For more than three decades, San Francisco's Heart of the City Farmers’ Market has been operating at UN Plaza, along Market Street and within sight of City Hall. The market is unique not only for its central location but also for its dedication to offering fresh produce to low-income customers living in the nearby Tenderloin neighborhood while also supporting the livelihood of California farmers.
Since its start in 1981 as a joint project of the American Friends Service Committee and Market Street Association, Heart of the City Farmers’ Market has been governed by its farmer-vendors. As a result, the farmers have worked to keep stall fees – what they pay for space at the market – low. Currently the fees are $30 per day, per 10 foot by 10 foot stall, which may be the lowest rate in the city. The low stall fees are a prime reason this farmers' market is known not only for its variety but also for its affordability.
The market is also known for its size. With more than 50 farm stands and nearly 20 prepared-food vendors selling fruits, vegetables, flowers, fish, eggs, bread, tamales, rotisserie chicken and more, the market is bigger than most other markets in the city except the Ferry Building and Alemany Markets. According to Kate Creps, Heart of the City market manager, most of the farmers travel 1.5 to 3 hours to reach the market, though some travel further, including Dates by Davall, who drives more than 8 hours one way to bring his produce from the Coachella Valley, east of Los Angeles.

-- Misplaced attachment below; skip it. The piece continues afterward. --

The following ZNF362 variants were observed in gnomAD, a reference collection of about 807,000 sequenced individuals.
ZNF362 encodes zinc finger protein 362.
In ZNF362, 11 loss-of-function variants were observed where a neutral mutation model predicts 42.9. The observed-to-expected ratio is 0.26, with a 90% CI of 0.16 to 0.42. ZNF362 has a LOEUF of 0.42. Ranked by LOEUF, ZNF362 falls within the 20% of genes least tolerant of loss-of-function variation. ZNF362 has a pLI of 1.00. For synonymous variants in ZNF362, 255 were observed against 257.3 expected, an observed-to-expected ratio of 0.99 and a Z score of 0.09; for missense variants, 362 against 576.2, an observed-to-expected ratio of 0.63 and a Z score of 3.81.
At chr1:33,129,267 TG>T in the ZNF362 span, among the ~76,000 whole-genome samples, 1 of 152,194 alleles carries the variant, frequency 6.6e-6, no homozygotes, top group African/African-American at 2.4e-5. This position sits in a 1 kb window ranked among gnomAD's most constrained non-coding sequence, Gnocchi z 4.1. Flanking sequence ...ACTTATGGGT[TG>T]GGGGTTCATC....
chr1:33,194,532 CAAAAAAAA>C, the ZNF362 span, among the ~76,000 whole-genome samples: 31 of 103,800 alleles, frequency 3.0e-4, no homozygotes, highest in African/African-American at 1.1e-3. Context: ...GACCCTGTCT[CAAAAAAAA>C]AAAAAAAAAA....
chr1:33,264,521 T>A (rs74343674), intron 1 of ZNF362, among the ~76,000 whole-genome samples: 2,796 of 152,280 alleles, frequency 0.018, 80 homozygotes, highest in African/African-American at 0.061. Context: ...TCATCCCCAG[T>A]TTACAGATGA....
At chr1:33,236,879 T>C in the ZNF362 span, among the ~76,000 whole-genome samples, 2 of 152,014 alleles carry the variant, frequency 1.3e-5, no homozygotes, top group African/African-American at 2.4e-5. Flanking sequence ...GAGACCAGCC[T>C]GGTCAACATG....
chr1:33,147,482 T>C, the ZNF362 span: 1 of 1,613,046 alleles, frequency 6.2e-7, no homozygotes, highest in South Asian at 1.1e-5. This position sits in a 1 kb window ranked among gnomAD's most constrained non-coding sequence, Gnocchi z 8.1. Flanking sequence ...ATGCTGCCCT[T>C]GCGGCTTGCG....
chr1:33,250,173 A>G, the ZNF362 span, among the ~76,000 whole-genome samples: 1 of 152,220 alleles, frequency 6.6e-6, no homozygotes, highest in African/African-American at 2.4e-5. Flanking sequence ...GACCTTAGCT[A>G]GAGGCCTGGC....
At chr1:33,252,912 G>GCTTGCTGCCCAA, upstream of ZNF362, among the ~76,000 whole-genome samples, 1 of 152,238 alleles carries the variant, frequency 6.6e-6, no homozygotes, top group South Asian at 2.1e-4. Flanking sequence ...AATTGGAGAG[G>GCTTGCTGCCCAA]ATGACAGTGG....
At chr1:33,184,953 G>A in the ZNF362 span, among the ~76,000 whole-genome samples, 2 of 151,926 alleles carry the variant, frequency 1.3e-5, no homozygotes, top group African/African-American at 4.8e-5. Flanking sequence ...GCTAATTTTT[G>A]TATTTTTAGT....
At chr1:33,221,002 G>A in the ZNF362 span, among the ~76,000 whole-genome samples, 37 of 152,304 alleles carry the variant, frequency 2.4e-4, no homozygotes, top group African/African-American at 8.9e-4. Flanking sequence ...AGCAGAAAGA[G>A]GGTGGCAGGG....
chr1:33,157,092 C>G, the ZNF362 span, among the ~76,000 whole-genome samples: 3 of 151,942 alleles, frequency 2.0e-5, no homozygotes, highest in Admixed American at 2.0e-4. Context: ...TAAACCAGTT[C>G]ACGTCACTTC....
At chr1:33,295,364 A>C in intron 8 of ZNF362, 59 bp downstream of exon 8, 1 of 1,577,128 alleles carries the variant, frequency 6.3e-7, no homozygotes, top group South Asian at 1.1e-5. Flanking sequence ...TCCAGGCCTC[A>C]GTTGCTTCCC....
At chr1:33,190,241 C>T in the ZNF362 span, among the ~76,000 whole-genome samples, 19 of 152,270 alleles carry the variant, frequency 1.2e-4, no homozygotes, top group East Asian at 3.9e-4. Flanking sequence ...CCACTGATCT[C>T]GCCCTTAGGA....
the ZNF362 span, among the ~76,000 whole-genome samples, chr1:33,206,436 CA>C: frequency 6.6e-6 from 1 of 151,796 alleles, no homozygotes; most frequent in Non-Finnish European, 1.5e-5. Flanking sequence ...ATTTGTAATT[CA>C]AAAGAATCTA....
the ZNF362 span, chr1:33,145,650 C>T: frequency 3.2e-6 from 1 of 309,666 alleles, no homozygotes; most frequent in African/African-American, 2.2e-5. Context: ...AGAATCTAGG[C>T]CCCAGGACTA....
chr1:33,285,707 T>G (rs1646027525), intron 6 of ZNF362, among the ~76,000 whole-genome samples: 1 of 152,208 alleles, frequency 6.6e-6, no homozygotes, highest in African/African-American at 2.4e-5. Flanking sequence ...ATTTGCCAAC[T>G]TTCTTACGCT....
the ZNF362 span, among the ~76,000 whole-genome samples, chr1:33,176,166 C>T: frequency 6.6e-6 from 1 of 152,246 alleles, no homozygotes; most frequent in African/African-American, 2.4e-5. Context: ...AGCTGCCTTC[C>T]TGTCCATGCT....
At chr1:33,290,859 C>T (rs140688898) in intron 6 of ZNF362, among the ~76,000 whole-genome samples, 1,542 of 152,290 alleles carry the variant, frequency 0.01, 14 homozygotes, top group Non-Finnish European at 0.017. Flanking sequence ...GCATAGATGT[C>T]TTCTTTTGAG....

The market also distinguishes itself by its commitment to support the use of food stamps at farmers’ markets. More than 75 percent of all CalFresh electronic benefits used at farmers’ markets in San Francisco are redeemed at Heart of the City.
The organization just reached a new milestone this month with the addition of a Friday market, complementing its existing Wednesday and Sunday gatherings. While it’s still to be seen whether demand is sufficient to sustain the Friday market, it's an exciting development in a neighborhood with no full-service grocery store. Starting a new farmers’ market is difficult in general, but that’s especially true in low-income areas, with the close of the Bayview farmers’ market providing an example.
Describing the Heart of the City Farmers’ Market, though, doesn’t do it justice. So stop reading and mark your calendar for a Wednesday, Friday or Sunday starting as early as 7 a.m. Bring a shopping bag, appetite or both, and enjoy this special market yourself.
- August 30, 2011by Eli Zigas, Food Systems and Urban Agriculture Program Manager